As at the end of last year, only 12 of Australia’s top ASX 200 listed companies had a female chief executive. The arithmetic is very easy to do on that — it is 6%.
Supporters of affirmative action would rightly be appalled at that figure, and research shows that shareholders should be too.
According to new research from six years of reporting by 11,000 companies to Australia’s Workplace Gender Equality Agency (WGEA), companies which appointed a female CEO have seen their market values increase by an average of 5%.
To the average ASX 200 company, that is quantified at an additional AUD 80 million in value.
The study also drilled further down and found that increasing the number of females in leadership positions by 10% or more also increased a company’s market valuation by 6.6%, or by AUD 105 million based on the ASX 200 average.
Much of this may have been touted before, but the Agency’s study is different because it uses historical data to quantify a financial difference in affirmative action.
There is also, according to the research, a significant and consistent gap between the performance of those companies which have no senior female management, and those which do.
Based on the ASX 200 benchmark, companies with more than a third of women in senior roles outperform the index by 19.3%, against an outperformance of 13.9% for companies with male only managers.
Companies with up to a quarter and up to a third of women managers also outperform male only managed companies.
The cost of lip service
In recent years, many corporates have also talked up the appointment of women to boards. But data from the Australian Institute of Company directors shows that among leading listed firms much of this talk has been cheap.
Of the ASX 200, only 34 have one female board member, and four companies have no women at all on their boards.
This is despite the research finding that companies which increased the number of female board members by 10% increased their market valuation by 4.9%.
The message from all this to corporate Australia is clear. Keeping it as a “boys’ club” is not only culturally backwards, but it goes against all evidence. In reality, it is costing shareholders profits the company should have made but haven’t because of entrenched sexism.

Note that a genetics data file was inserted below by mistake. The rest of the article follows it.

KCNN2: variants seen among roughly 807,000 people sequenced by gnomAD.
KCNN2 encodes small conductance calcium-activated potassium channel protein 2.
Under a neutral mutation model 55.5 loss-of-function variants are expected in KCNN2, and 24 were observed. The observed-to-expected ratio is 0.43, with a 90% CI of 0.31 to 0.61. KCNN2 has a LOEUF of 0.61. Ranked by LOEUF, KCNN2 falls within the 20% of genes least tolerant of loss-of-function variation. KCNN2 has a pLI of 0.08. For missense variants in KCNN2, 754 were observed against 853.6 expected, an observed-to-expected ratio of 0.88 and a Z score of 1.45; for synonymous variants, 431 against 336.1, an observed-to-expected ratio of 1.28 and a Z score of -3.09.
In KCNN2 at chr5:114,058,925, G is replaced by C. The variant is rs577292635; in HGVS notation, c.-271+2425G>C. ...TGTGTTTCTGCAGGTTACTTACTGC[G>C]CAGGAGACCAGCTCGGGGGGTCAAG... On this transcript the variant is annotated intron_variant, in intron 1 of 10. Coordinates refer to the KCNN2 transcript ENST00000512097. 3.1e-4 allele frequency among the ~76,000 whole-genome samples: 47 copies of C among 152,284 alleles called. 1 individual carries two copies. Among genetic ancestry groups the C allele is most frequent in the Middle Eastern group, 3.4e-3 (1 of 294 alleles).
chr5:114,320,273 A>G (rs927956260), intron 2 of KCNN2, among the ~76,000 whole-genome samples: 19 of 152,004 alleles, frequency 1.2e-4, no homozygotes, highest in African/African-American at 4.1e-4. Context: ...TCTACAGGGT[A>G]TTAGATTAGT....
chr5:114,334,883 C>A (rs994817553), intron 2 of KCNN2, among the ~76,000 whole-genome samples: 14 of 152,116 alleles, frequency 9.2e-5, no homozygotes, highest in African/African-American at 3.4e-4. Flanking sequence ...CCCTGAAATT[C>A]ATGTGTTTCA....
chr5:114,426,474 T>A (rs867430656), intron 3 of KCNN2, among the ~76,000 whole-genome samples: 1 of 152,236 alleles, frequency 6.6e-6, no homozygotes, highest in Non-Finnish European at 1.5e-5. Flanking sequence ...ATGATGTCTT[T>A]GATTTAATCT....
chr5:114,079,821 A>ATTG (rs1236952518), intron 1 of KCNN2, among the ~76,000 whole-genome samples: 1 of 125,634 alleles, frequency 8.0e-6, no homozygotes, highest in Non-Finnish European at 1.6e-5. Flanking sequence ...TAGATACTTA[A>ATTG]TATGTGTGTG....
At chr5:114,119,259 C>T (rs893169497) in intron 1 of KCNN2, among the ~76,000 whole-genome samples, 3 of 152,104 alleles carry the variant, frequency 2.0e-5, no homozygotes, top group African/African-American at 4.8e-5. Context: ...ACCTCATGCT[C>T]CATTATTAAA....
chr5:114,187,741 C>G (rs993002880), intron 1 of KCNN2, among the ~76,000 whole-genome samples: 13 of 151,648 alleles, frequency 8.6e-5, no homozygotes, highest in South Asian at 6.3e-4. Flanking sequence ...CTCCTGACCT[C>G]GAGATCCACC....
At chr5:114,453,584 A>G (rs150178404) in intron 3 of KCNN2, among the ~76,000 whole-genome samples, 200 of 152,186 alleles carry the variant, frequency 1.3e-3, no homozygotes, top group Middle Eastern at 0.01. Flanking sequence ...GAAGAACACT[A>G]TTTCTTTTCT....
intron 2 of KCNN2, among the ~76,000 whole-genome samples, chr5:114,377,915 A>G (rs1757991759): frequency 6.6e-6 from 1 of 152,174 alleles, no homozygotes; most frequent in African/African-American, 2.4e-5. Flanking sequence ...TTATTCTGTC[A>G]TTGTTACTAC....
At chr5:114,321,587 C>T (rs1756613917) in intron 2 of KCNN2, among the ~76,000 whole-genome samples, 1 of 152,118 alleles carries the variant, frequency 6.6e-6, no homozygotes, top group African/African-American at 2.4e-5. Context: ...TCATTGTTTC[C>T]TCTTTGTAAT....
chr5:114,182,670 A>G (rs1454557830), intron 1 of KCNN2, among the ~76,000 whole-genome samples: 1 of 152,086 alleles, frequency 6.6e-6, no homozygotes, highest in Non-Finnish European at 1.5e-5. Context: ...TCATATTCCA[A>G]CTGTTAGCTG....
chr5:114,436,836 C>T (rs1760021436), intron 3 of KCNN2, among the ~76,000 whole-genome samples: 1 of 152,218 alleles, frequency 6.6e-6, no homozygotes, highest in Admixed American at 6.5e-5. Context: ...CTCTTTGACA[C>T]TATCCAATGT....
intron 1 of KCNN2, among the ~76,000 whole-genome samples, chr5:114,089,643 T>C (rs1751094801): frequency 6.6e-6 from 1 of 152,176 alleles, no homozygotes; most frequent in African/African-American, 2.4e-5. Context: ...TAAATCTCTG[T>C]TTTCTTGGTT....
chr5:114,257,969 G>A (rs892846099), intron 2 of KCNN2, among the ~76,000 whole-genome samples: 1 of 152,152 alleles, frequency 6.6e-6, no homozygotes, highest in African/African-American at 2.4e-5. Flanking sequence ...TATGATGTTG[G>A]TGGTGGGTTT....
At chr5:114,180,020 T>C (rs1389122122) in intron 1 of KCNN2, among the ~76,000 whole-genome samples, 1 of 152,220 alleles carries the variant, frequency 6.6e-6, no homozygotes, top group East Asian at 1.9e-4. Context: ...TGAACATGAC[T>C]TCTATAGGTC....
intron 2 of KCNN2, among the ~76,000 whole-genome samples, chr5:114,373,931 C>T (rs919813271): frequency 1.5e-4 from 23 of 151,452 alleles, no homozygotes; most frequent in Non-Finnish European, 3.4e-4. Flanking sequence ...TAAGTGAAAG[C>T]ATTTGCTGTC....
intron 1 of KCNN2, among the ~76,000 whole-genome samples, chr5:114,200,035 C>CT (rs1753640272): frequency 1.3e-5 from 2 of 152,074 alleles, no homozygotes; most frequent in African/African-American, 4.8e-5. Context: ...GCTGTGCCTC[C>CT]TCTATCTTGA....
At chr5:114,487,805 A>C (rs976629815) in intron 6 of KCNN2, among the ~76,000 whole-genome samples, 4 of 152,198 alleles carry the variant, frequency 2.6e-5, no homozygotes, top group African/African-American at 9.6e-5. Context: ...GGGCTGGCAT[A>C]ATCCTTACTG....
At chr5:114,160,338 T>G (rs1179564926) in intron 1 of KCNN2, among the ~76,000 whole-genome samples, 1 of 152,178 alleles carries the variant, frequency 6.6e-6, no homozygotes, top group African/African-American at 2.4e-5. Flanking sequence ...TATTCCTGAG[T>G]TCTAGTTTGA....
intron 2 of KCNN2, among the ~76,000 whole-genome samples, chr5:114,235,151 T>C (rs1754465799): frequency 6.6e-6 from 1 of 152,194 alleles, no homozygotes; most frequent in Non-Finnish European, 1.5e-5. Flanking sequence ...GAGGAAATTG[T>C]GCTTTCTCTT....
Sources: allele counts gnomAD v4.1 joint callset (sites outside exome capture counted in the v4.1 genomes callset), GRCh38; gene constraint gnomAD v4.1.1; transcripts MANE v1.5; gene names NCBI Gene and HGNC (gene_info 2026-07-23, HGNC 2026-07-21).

“If you are a member of a board or a CEO or executive and you don’t take notice of what this report is telling you, then you are not meeting your obligation to your shareholders or your owners,” Libby Lyons, chief executive officer at the WGEA, told the Australian Broadcasting Corporation.
“If I were a shareholder and there were no women and no diversity, I would be agitating big time right now. Because it’s irresponsible to shareholders to ignore a report such as this.”
Pandemic dials the clock back
The trouble is, the whole affirmative action movement in the wider economy is going backwards because of the COVID-19 pandemic disruptions. While women struggle to get to the top, they are too often also at the bottom.
The Government’s fiscal stimulus packages have focused on the male-dominated construction industry, while the female-dominated childcare industry — after receiving initial support — has been cut adrift.
According to the Australian Bureau of Statistics, female job losses since mid-March have been 8.0%, and higher than the 6.3 percent for men.
Given the deep nature of the recession facing Australia, many older people in Australia are fearful that they will ever work again.
A recent survey by the Guardian put this number at one in ten, although it did not split the result by gender.
Women are becoming disadvantaged
What is clear, however, is that Australian women face retirement at a significant disadvantage to men, particularly if they are single.
The median balance in pension accounts for an Australian woman was AUD 45,000 for the 2018 financial year, against AUD 65,000 for men.
Even more alarming is homelessness among older women, with the number of homeless women aged 55 or over increasing by 31% to nearly 7,000, according to the last official Census in 2016.
So, to sum up, Australian women are far less likely to be chief executives, senior managers or board members than men, but they are more likely to be unemployed and unpaid during the COVID-19 disruptions.
They are also more likely to have less in retirement savings, and more likely to be homeless as they get older.
And some people say Australia is a modern economy and a liberal progressive society. If this happens here, then what is going on elsewhere in the world?
Photo credit: iStockphoto/solarseven